The first One-Day International (ODI) between India and New Zealand grabbed a lot of attention for a little statistic which kept changing on the right side of the score tab of the television. The Winning and Score Predictor (WASP) is a new statistical tool to predict the outcome of a match. This tool will be used only for ODI and T20 matches. The WASP uses past records of the teams to predict the total score of the team batting first and then predicts the chances of winning for the team batting second.
Who founded it:
The WASP technique is an outcome of a research from University of Canterbury (UC) Phd Graduate Dr Scott Brooker and his supervisor Dr Seamus Hogan. The duo has explained some of the functioning in their research for UC...
Cricket hunter wasps are dull black, about 3/4 inch long and move with a rapid twitching motion.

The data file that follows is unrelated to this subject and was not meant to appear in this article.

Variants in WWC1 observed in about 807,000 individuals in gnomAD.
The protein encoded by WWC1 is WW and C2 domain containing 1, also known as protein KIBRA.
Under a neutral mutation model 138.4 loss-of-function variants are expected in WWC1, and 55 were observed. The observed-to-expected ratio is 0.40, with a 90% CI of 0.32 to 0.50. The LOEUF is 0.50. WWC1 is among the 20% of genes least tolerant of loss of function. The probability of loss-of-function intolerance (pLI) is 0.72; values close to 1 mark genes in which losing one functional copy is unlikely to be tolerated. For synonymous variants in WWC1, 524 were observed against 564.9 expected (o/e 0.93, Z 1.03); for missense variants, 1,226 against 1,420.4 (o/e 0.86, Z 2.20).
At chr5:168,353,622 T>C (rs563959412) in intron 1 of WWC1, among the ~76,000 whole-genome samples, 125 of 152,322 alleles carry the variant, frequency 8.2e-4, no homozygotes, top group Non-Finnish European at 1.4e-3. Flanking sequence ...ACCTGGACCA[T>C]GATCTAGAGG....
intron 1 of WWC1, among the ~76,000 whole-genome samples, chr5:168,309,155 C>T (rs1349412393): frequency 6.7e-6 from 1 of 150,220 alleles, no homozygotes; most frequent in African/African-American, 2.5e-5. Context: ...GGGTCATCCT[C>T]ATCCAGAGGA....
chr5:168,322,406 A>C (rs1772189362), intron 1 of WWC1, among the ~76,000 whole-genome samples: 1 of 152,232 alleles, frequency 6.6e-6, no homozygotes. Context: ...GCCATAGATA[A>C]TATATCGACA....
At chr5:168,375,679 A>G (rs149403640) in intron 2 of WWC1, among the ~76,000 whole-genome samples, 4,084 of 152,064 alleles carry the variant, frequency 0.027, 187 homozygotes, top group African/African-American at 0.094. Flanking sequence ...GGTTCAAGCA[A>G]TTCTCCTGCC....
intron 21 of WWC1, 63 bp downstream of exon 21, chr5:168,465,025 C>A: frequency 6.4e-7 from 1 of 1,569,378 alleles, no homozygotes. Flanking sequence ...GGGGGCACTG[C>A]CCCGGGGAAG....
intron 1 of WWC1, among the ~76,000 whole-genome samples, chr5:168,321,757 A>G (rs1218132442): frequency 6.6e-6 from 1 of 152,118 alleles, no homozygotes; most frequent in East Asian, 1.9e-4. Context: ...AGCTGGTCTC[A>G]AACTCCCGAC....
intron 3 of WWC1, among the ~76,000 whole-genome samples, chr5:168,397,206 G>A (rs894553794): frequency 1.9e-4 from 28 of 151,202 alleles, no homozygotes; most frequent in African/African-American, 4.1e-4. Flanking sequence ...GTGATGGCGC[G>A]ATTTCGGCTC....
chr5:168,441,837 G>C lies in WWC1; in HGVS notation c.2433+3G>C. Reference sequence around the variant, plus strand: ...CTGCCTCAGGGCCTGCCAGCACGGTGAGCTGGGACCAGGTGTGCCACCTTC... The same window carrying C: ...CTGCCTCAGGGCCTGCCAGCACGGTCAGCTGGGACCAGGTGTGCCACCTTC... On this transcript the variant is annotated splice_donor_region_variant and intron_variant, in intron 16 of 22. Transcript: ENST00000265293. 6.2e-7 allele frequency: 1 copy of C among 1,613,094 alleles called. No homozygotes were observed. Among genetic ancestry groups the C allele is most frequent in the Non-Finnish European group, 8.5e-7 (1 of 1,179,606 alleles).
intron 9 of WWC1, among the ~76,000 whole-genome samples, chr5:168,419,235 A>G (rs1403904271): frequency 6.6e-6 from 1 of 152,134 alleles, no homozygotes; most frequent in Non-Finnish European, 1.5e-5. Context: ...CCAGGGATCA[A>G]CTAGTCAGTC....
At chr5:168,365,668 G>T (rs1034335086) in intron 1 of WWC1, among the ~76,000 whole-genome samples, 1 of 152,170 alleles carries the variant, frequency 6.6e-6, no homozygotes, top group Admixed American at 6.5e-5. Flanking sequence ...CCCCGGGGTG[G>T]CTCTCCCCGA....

Liris beatus (Hymenoptera: Sphecidae) is an unusual wasp that occasionally becomes a pest in Texas homes. Known as the cricket-hunter wasp because of its habit of catching and feeding crickets to its offspring, these wasps are common outdoor insects.
Cricket-hunter wasps are...
It has long been the bane of cricket fans to be asked in the middle of a game who is winning.
Now thanks to University of Canterbury (UC) research, Sky Sport are able to provide an answer to the `who’s winning’ question.
In the one day internationals (ODIs) and Twenty20 games shown on Sky Sport this summer, statistical information will include answers from the WASP—the `winning and score predictor’.
In the first innings, the WASP gives a predicted score. In the second innings, it gives a probability of the batting team winning the match. This is based on models developed by UC PhD graduate Dr Scott Brooker and his supervisor Dr Seamus Hogan.
“It is really pleasing to be able to turn on the TV and see one’s research being put to use,” Dr Hogan said today.
“The WASP is not a forecast that could be used to set TAB betting odds. Rather they are estimates about how well the average batting team would go against the average bowling team in the...